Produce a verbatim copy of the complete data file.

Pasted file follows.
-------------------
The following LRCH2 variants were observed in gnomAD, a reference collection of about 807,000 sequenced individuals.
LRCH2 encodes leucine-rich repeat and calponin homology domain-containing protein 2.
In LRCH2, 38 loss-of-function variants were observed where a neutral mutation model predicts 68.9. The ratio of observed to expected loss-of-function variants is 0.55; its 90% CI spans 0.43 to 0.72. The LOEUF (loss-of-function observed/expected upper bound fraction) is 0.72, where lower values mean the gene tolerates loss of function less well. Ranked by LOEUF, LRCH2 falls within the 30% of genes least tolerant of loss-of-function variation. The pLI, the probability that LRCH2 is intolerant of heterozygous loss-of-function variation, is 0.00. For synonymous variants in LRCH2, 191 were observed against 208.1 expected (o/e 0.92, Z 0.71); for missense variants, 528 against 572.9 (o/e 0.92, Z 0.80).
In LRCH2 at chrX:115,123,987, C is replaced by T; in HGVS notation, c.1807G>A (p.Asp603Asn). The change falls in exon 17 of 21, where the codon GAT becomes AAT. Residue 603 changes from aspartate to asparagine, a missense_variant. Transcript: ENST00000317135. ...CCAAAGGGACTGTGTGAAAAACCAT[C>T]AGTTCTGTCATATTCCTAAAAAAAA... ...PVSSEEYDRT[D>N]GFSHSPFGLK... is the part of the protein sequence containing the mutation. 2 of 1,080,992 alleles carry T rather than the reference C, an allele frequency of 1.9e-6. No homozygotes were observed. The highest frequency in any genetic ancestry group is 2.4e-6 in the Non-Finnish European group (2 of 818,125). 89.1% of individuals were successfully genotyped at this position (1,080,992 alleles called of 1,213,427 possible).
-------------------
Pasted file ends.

The following LRCH2 variants were observed in gnomAD, a reference collection of about 807,000 sequenced individuals.
LRCH2 encodes leucine-rich repeat and calponin homology domain-containing protein 2.
In LRCH2, 38 loss-of-function variants were observed where a neutral mutation model predicts 68.9. The ratio of observed to expected loss-of-function variants is 0.55; its 90% CI spans 0.43 to 0.72. The LOEUF (loss-of-function observed/expected upper bound fraction) is 0.72, where lower values mean the gene tolerates loss of function less well. Ranked by LOEUF, LRCH2 falls within the 30% of genes least tolerant of loss-of-function variation. The pLI, the probability that LRCH2 is intolerant of heterozygous loss-of-function variation, is 0.00. For synonymous variants in LRCH2, 191 were observed against 208.1 expected (o/e 0.92, Z 0.71); for missense variants, 528 against 572.9 (o/e 0.92, Z 0.80).
In LRCH2 at chrX:115,123,987, C is replaced by T; in HGVS notation, c.1807G>A (p.Asp603Asn). The change falls in exon 17 of 21, where the codon GAT becomes AAT. Residue 603 changes from aspartate to asparagine, a missense_variant. Transcript: ENST00000317135. ...CCAAAGGGACTGTGTGAAAAACCAT[C>T]AGTTCTGTCATATTCCTAAAAAAAA... ...PVSSEEYDRT[D>N]GFSHSPFGLK... is the part of the protein sequence containing the mutation. 2 of 1,080,992 alleles carry T rather than the reference C, an allele frequency of 1.9e-6. No homozygotes were observed. The highest frequency in any genetic ancestry group is 2.4e-6 in the Non-Finnish European group (2 of 818,125). 89.1% of individuals were successfully genotyped at this position (1,080,992 alleles called of 1,213,427 possible).